no dishonesty. Finally, bros are always there for you in your down moments. We’re in college and away from a family system, so you need to have people you can go to in confidence, and who can pick you up when you think you can’t recover. For example, when I wasn’t doing too well after a breakup, my bro Dougie drove over in the middle of the night, picked me up and then we just drove out in the country to chill and talk. Some of you may think of bros as the media-delivered perception of polos with popped collars, upside down visors, awkwardly spotting each other in the weight room and constantly being obnoxious about how awesome they are. Being a brother to a friend doesn’t constitute any of the above descriptions; instead, being a bro consists of the mere principles of just being a good friend.


FEATURES

Wednesday, April 16, 2014 • Page 8

Crossing borders: students travel overseas to Cuba Libby Roerig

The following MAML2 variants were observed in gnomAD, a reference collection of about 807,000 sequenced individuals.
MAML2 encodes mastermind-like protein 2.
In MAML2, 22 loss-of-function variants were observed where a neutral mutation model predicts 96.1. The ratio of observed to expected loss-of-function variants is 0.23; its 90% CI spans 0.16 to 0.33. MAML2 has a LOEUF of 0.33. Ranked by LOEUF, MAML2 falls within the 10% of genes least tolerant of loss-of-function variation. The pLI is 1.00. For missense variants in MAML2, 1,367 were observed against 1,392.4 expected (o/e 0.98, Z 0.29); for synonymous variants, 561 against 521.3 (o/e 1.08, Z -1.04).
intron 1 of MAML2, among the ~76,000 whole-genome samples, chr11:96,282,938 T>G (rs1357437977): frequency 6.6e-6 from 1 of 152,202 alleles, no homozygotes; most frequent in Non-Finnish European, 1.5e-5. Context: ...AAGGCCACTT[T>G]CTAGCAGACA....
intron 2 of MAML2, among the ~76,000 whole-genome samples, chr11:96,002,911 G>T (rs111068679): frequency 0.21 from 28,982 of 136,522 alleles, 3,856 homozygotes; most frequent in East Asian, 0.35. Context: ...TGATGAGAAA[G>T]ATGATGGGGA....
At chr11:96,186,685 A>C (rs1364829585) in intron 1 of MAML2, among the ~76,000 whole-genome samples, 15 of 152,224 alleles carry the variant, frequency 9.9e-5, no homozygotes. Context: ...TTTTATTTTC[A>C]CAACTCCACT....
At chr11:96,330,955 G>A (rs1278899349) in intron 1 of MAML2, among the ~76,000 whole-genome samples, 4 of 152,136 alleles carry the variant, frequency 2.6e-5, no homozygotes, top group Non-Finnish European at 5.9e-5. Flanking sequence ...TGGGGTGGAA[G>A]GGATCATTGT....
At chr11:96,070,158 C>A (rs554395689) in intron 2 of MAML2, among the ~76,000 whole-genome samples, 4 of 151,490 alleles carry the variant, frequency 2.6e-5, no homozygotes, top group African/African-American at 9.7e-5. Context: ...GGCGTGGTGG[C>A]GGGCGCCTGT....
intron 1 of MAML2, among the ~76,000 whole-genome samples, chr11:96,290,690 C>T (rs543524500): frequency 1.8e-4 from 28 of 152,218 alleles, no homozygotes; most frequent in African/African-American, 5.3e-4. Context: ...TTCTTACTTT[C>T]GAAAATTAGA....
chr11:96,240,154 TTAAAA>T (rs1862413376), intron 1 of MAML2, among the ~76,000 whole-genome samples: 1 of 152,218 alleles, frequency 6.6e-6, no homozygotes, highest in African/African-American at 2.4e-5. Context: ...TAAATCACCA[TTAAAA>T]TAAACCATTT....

ISU Communications and Marketing Staff Once-in-a-lifetime. That’s how Indiana State University students described their recent trip to Cuba. It’s an appropriate superlative, considering the United States’ trade embargo against Cuba has existed since 1960, a year after Fidel Castro seized power. American tourism to the island country is forbidden, and travel is allowed under only a few specific exceptions, including academic study. Indeed, it’s likely the lure of forbidden fruit that piqued students’ interest in the trip, said Michael Erisman, professor emeritus of political science; however, what these seven students saw, learned and discovered — about Cuba and themselves — will stay with them forever. “We’ve kind of developed our own stereotypes about Cuba. Being there really broke down all those barriers for me,” said junior Hanna Brant of Frankfurt, Ind.. “I was focusing on women’s issues and rights in Cuba. A lot of time when you hear about a developing country, you think women are treated poorly and there’s no health care or it’s very hard to get to, there’s no education or it’s a terrible education. Cuba really defies all those stereotypes.” “[The experience] really shows you what it means to be a global citizen — and not just a citizen of the United States — to acknowledge everyone’s perspective and to take it for what it’s worth,” said senior Nathan Walker of Plainfield, Ind.. “Cuba is a really beautiful place with friendly people. Going into the trip, my prior knowledge had me a little nervous to interact with individuals, and I almost expected guards breathing down my neck the entire time. However, everything was relaxed, and the people were happy,” said junior Katherine Runge of Brownstown. In addition to Brant, Walker and Runge, political science students Madeline Nelson, Jerry Cooper, Shan Patel and Tatianna Wilkes also made the trip south.